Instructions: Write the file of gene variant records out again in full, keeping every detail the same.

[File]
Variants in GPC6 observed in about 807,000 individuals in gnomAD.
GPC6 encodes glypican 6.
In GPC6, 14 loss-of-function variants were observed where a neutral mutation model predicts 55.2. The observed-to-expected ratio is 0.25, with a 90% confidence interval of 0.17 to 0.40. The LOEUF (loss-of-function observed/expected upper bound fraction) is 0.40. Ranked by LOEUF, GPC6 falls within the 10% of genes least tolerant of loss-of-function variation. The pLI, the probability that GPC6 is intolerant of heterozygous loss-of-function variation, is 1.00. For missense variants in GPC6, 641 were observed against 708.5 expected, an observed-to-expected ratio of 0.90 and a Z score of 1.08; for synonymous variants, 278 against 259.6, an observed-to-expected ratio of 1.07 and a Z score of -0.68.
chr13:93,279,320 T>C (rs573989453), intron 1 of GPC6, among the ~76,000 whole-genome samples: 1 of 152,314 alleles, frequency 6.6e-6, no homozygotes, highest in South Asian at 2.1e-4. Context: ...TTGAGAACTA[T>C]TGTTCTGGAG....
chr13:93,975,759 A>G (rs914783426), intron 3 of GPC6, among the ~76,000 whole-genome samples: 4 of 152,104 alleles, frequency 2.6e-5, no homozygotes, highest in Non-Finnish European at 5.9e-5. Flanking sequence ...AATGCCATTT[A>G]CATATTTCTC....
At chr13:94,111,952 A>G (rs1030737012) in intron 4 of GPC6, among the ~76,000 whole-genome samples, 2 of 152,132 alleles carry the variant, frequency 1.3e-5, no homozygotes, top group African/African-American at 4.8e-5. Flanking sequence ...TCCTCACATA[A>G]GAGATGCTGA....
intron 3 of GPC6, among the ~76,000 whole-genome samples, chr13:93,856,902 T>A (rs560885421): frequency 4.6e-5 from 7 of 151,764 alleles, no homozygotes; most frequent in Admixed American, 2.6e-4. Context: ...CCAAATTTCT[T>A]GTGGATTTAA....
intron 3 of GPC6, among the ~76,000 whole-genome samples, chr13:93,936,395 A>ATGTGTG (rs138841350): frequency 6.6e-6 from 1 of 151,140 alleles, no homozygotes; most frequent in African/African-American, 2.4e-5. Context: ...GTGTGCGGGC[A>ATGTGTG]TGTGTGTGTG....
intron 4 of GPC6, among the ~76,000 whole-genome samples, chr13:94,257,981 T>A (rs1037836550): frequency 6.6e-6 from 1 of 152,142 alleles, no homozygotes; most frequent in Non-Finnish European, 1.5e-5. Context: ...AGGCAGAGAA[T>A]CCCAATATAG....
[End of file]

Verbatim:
Variants in GPC6 observed in about 807,000 individuals in gnomAD.
GPC6 encodes glypican 6.
In GPC6, 14 loss-of-function variants were observed where a neutral mutation model predicts 55.2. The observed-to-expected ratio is 0.25, with a 90% confidence interval of 0.17 to 0.40. The LOEUF (loss-of-function observed/expected upper bound fraction) is 0.40. Ranked by LOEUF, GPC6 falls within the 10% of genes least tolerant of loss-of-function variation. The pLI, the probability that GPC6 is intolerant of heterozygous loss-of-function variation, is 1.00. For missense variants in GPC6, 641 were observed against 708.5 expected, an observed-to-expected ratio of 0.90 and a Z score of 1.08; for synonymous variants, 278 against 259.6, an observed-to-expected ratio of 1.07 and a Z score of -0.68.
chr13:93,279,320 T>C (rs573989453), intron 1 of GPC6, among the ~76,000 whole-genome samples: 1 of 152,314 alleles, frequency 6.6e-6, no homozygotes, highest in South Asian at 2.1e-4. Context: ...TTGAGAACTA[T>C]TGTTCTGGAG....
chr13:93,975,759 A>G (rs914783426), intron 3 of GPC6, among the ~76,000 whole-genome samples: 4 of 152,104 alleles, frequency 2.6e-5, no homozygotes, highest in Non-Finnish European at 5.9e-5. Flanking sequence ...AATGCCATTT[A>G]CATATTTCTC....
At chr13:94,111,952 A>G (rs1030737012) in intron 4 of GPC6, among the ~76,000 whole-genome samples, 2 of 152,132 alleles carry the variant, frequency 1.3e-5, no homozygotes, top group African/African-American at 4.8e-5. Flanking sequence ...TCCTCACATA[A>G]GAGATGCTGA....
intron 3 of GPC6, among the ~76,000 whole-genome samples, chr13:93,856,902 T>A (rs560885421): frequency 4.6e-5 from 7 of 151,764 alleles, no homozygotes; most frequent in Admixed American, 2.6e-4. Context: ...CCAAATTTCT[T>A]GTGGATTTAA....
intron 3 of GPC6, among the ~76,000 whole-genome samples, chr13:93,936,395 A>ATGTGTG (rs138841350): frequency 6.6e-6 from 1 of 151,140 alleles, no homozygotes; most frequent in African/African-American, 2.4e-5. Context: ...GTGTGCGGGC[A>ATGTGTG]TGTGTGTGTG....
intron 4 of GPC6, among the ~76,000 whole-genome samples, chr13:94,257,981 T>A (rs1037836550): frequency 6.6e-6 from 1 of 152,142 alleles, no homozygotes; most frequent in Non-Finnish European, 1.5e-5. Context: ...AGGCAGAGAA[T>A]CCCAATATAG....